If you speak with a lot of pauses and hesitations, but you want to speak English fluently and naturally like a native English speaker, the secret is…
Learn to think in English!
Many English students say:
- “It’s too difficult!
- “I don’t know enough English words!”
- “I need to think in my native language and translate.”
However, thinking in your native language and translating results in sentences that don’t sound natural in English, because the sentence structure is often different in English and your native language.
In addition, it takes too much time to think and translate when you’re in a conversation – leading to pauses, hesitations, and the inability to speak fast and fluently.
How to Learn to Think in English
So, here is how you can learn to think in English – from the beginner level to advanced.
Level 1 – Thinking in individual English words
For example, when you wake up in the morning, think of words like:
bed, toothbrush, bathroom, eat, banana, coffee, clothes, shoes
Then when you go to work, think of words like:
car, job, company, desk, computer, paper, pencil, colleague, boss
During the day, continue to think of the individual English words for everything you see, hear, and do. Try this exercise – look around you right now and think of all the English words you can. I’d imagine you can think of at least 10 words!
Level 2 – Thinking in complete English sentences
On this level, you think in complete phrases and sentences during the day.
When you’re at lunch, think:
- I’m eating a sandwich.
- My friend is drinking soda.
- This restaurant is very good.
When you’re watching TV, think:
- That actress is beautiful.
- The journalist has black hair.
- He’s talking about politics.
It’s OK if the sentences are very simple. The most important part is to practice and develop the habit of thinking in complete sentences in English.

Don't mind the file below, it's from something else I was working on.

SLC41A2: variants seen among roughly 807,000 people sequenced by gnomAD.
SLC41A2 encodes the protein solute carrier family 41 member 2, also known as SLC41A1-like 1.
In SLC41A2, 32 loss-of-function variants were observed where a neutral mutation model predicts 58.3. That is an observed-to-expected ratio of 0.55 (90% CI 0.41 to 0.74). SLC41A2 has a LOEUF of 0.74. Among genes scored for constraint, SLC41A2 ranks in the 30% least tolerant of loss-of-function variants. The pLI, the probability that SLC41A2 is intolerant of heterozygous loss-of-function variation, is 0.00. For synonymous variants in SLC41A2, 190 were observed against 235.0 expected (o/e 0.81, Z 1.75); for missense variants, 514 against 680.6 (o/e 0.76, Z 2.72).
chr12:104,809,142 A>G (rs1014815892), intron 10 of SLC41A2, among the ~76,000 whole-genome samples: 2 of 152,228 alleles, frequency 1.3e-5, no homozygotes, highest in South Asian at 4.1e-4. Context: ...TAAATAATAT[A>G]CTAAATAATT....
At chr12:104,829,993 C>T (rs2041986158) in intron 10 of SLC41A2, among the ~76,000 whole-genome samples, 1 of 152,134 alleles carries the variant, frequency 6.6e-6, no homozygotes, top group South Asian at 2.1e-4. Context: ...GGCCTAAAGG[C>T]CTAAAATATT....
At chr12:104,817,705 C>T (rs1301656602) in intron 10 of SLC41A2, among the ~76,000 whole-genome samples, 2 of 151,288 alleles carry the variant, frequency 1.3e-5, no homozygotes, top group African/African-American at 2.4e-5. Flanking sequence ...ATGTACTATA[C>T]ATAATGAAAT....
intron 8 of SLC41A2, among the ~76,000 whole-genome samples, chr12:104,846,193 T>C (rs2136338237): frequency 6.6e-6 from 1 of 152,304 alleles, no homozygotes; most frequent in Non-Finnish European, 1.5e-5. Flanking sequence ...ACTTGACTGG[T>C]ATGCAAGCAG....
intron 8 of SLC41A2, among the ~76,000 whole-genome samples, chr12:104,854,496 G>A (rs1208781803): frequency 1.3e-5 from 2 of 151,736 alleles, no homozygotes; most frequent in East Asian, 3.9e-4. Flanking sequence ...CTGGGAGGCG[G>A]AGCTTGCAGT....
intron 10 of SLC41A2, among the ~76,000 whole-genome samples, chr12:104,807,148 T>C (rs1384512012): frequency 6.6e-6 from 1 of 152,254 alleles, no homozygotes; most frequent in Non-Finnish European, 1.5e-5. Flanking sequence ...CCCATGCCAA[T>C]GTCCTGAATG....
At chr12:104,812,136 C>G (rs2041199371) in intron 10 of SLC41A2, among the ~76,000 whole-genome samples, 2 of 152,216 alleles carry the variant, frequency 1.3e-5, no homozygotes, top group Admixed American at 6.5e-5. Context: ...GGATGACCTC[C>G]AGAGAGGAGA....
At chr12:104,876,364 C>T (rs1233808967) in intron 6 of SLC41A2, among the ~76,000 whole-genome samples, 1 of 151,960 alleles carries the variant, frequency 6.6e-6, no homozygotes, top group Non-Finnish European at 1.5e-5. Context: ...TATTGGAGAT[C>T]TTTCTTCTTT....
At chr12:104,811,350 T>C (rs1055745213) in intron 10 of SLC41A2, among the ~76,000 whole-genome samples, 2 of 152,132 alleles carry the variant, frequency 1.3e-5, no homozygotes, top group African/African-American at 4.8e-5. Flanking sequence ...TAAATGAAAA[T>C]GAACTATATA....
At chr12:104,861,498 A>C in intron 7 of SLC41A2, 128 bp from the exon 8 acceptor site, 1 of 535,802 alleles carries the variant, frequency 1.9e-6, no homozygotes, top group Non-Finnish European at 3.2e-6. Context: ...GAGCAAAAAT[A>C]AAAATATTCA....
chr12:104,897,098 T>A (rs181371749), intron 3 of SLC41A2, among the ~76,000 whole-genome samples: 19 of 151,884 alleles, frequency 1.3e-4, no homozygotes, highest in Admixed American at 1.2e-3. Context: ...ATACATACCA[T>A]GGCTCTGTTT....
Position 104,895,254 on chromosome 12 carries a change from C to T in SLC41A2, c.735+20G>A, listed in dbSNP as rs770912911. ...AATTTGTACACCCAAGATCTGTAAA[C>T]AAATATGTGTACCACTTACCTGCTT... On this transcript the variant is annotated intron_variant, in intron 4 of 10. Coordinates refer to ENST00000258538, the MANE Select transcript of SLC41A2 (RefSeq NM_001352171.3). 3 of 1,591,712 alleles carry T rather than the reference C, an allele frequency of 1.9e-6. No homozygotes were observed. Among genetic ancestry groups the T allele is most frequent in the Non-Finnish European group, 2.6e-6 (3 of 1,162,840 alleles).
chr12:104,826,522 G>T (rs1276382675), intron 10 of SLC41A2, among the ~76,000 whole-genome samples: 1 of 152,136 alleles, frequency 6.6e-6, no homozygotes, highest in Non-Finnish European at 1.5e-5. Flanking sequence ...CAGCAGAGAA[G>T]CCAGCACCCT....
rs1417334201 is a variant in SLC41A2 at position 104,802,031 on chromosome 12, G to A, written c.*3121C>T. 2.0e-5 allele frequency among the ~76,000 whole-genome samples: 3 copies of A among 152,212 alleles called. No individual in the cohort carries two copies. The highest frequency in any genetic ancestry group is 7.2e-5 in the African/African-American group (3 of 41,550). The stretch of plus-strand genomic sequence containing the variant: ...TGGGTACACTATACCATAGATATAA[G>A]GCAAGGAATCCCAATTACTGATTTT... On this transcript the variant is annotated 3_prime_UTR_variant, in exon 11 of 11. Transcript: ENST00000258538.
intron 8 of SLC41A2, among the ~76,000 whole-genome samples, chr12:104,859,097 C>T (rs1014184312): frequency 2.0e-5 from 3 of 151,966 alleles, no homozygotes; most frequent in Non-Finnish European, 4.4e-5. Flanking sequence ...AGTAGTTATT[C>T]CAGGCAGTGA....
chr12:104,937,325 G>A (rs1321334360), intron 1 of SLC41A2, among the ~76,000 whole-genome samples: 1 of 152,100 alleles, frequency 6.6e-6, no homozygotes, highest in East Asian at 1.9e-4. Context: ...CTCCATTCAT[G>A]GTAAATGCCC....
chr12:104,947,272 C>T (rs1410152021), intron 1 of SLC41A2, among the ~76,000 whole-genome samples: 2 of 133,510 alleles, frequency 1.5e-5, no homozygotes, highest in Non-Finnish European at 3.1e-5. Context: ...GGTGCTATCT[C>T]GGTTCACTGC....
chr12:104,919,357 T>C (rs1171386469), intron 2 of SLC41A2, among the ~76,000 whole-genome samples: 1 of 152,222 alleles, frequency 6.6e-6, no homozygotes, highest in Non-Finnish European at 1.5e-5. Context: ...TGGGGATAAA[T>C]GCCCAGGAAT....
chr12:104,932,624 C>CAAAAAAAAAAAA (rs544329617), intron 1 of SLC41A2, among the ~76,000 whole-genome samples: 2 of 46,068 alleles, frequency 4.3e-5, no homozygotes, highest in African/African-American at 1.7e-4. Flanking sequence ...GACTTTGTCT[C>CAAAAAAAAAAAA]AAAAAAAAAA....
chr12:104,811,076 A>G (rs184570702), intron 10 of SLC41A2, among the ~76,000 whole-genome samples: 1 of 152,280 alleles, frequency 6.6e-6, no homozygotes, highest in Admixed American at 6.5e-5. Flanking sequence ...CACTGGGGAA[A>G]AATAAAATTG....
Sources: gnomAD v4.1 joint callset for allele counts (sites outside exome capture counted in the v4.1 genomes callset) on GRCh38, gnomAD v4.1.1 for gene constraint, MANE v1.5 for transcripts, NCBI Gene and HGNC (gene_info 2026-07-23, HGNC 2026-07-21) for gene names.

Level 3 – Functional English
On this level, you imagine having to use English for everything that you need to do. After every time you speak in your native language, think of how you would say that in English. For example, how would you buy a train ticket or order a drink in an English-speaking country?
- A round-trip ticket to Central Station, please.
- Could I have a lemonade with no sugar?
This helps develop your English for real-life situations – even though you are only thinking and not speaking. If during this exercise you don’t know how to say something, check your dictionary later. If you do this kind of “mental practice” regularly, you will develop the ability to use English in any everyday situation.
Level 4 – Narrative English
(telling a story or speaking in English for a long time)
It’s best to do this exercise when you have some time – like when you’re waiting in line or taking public transportation. Think of a memory or a story that you would like to tell an English-speaking friend. Then “tell the story” in your head in English. Because you are only thinking, not speaking, you can relax and do your best without all the pressure of a real conversation.
You CAN learn to think in English!
I hope you can see that you don’t need to be super advanced to learn to think in English – you can start today. Try one of the four levels this week:
- Thinking in individual words
- Thinking in complete sentences
- Functional English
- Narrative English
Thinking in English is the biggest tip for increasing your fluency because it makes you more confident and helps you speak more easily without hesitation.
The next lesson is about correcting your English errors. You’ll learn 5 of the most common English errors and I’ll explain how to fix them.